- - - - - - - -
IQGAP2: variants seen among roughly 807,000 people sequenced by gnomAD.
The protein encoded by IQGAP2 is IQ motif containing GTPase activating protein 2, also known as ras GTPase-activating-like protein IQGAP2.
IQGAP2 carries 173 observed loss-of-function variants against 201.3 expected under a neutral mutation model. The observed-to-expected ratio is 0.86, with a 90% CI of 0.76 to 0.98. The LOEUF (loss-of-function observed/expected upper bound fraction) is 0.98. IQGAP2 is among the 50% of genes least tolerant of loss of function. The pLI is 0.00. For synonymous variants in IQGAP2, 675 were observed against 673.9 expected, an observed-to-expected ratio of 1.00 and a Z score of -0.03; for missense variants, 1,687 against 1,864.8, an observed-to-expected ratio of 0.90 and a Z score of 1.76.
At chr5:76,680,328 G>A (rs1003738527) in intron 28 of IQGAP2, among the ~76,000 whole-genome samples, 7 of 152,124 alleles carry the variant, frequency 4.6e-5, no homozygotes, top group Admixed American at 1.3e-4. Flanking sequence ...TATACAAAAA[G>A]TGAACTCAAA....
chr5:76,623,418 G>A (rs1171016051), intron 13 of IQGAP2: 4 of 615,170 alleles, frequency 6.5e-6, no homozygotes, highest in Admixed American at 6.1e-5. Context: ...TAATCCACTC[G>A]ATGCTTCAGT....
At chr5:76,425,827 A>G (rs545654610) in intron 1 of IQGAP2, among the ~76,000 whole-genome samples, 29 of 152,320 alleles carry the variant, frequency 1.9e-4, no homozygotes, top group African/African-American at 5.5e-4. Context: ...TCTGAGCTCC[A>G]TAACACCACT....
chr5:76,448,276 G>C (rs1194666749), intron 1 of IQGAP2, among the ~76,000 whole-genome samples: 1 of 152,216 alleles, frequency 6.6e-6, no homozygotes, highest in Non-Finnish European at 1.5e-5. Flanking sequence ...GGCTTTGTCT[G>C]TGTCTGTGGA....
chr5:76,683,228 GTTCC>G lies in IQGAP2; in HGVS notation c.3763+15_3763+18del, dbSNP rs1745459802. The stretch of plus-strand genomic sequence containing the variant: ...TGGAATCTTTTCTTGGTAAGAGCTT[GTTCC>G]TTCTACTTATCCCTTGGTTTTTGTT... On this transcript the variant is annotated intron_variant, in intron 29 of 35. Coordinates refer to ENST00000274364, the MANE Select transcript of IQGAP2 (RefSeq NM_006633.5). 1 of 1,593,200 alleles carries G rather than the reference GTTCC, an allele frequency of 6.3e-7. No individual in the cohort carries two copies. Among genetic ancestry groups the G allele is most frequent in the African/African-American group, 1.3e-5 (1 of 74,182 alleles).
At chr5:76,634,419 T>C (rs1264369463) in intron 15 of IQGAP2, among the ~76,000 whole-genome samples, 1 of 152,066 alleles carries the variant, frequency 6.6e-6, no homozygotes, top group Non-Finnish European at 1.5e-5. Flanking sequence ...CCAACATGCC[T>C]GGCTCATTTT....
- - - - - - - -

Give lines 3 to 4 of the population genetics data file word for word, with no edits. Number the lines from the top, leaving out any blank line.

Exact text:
IQGAP2 carries 173 observed loss-of-function variants against 201.3 expected under a neutral mutation model. The observed-to-expected ratio is 0.86, with a 90% CI of 0.76 to 0.98. The LOEUF (loss-of-function observed/expected upper bound fraction) is 0.98. IQGAP2 is among the 50% of genes least tolerant of loss of function. The pLI is 0.00. For synonymous variants in IQGAP2, 675 were observed against 673.9 expected, an observed-to-expected ratio of 1.00 and a Z score of -0.03; for missense variants, 1,687 against 1,864.8, an observed-to-expected ratio of 0.90 and a Z score of 1.76.
At chr5:76,680,328 G>A (rs1003738527) in intron 28 of IQGAP2, among the ~76,000 whole-genome samples, 7 of 152,124 alleles carry the variant, frequency 4.6e-5, no homozygotes, top group Admixed American at 1.3e-4. Flanking sequence ...TATACAAAAA[G>A]TGAACTCAAA....